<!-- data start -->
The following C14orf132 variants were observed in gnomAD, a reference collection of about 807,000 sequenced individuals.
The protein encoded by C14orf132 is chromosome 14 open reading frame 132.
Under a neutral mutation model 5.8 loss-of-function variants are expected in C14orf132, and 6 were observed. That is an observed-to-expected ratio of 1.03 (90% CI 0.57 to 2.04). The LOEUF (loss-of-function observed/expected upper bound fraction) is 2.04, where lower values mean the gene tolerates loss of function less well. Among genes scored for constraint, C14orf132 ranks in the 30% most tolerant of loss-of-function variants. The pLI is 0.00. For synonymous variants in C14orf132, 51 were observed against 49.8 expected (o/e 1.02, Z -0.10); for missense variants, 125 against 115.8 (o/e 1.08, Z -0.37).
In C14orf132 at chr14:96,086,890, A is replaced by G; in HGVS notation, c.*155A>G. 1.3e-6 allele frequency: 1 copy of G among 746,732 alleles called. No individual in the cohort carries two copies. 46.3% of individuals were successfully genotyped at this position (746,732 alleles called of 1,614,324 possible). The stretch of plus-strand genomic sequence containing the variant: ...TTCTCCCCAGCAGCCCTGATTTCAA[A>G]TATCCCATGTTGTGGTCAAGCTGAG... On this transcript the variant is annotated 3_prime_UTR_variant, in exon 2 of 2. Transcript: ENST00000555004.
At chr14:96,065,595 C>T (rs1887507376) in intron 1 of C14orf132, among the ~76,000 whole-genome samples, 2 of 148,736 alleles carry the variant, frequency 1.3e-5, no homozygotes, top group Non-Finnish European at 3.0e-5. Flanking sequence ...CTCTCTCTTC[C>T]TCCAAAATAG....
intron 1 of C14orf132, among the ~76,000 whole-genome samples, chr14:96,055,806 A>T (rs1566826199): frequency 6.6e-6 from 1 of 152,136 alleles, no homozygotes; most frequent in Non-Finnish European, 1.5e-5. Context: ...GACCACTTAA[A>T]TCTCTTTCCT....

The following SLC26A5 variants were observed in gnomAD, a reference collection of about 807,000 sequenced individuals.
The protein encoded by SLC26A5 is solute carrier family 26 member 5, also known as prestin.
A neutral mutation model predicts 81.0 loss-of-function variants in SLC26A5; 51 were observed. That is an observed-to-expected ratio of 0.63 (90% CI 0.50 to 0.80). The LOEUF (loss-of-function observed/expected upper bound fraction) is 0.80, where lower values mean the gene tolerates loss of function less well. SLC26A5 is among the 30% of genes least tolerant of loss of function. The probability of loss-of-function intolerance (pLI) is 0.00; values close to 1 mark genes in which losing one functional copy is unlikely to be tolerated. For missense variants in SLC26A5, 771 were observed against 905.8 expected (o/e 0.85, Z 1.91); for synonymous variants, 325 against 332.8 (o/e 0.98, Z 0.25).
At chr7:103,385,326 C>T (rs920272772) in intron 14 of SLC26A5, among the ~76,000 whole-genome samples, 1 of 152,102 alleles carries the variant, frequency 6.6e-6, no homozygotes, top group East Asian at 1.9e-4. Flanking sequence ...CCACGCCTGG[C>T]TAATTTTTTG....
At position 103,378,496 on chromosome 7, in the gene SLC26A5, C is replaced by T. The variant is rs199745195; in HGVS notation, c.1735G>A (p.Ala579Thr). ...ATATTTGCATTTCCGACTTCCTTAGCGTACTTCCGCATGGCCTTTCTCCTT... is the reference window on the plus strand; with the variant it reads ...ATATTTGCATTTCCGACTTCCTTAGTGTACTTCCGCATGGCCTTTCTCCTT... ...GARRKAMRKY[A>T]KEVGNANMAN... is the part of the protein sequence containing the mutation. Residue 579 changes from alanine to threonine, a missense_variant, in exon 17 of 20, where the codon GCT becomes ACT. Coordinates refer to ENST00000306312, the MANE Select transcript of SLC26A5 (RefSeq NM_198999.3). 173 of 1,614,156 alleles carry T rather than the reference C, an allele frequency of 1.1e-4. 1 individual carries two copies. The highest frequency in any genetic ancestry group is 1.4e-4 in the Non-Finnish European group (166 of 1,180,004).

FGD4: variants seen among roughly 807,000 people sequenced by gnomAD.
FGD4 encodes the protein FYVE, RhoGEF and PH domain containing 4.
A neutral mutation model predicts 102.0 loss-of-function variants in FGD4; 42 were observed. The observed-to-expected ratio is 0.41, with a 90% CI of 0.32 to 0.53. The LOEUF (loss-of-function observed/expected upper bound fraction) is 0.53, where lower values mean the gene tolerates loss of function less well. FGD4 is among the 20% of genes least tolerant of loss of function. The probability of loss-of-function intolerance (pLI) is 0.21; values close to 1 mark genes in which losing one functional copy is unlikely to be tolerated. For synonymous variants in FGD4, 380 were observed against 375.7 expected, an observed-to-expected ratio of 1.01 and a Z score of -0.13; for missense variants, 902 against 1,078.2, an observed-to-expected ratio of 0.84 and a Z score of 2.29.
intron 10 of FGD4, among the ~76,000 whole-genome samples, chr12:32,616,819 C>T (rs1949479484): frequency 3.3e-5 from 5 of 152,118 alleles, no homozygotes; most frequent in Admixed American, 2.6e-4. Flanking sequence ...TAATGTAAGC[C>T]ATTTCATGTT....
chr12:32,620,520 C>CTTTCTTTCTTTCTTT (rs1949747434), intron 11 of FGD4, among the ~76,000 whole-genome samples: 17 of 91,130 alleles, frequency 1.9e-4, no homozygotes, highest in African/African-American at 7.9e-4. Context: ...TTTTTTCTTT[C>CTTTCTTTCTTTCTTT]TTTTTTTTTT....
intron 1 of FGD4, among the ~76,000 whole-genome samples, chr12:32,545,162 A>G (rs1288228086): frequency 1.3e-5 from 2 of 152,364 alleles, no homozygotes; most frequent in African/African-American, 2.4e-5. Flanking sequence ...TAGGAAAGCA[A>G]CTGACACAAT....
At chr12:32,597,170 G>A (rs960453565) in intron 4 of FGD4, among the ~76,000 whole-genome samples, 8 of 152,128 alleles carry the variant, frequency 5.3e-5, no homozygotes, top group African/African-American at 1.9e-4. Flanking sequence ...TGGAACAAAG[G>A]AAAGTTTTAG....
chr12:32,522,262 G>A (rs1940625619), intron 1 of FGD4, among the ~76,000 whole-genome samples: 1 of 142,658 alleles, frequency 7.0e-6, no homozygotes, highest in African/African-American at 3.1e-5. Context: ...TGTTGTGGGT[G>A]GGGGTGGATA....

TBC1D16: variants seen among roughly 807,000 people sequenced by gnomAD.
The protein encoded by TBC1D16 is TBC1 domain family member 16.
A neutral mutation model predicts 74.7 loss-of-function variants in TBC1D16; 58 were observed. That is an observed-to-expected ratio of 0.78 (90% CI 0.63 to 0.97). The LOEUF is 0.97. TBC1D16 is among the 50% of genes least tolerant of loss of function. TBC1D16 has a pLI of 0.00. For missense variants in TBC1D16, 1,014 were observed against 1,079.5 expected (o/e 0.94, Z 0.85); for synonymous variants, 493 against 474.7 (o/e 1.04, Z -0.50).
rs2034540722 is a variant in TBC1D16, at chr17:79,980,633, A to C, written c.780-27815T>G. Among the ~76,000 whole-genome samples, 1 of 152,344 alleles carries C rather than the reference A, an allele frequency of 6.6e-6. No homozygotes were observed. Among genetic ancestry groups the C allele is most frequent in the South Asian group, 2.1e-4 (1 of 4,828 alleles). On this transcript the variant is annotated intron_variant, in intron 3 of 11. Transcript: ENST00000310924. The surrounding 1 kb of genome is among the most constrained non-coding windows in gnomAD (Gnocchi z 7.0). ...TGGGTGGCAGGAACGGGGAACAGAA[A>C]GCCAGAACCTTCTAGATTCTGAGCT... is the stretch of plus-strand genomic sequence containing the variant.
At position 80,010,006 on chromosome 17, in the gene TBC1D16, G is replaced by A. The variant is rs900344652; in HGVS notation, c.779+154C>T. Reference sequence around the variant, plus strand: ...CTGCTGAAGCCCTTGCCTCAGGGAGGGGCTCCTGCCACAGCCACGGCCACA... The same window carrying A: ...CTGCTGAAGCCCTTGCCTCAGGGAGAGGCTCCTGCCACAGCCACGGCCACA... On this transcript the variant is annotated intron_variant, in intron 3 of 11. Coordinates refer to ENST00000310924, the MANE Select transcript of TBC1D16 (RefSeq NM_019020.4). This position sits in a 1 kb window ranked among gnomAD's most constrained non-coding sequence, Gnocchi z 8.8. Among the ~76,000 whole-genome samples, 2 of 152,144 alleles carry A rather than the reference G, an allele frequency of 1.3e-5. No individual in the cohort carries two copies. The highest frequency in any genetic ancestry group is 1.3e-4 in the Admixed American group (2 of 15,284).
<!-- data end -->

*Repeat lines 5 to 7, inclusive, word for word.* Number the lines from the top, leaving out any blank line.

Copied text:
At chr14:96,065,595 C>T (rs1887507376) in intron 1 of C14orf132, among the ~76,000 whole-genome samples, 2 of 148,736 alleles carry the variant, frequency 1.3e-5, no homozygotes, top group Non-Finnish European at 3.0e-5. Flanking sequence ...CTCTCTCTTC[C>T]TCCAAAATAG....
intron 1 of C14orf132, among the ~76,000 whole-genome samples, chr14:96,055,806 A>T (rs1566826199): frequency 6.6e-6 from 1 of 152,136 alleles, no homozygotes; most frequent in Non-Finnish European, 1.5e-5. Context: ...GACCACTTAA[A>T]TCTCTTTCCT....

The following SLC26A5 variants were observed in gnomAD, a reference collection of about 807,000 sequenced individuals.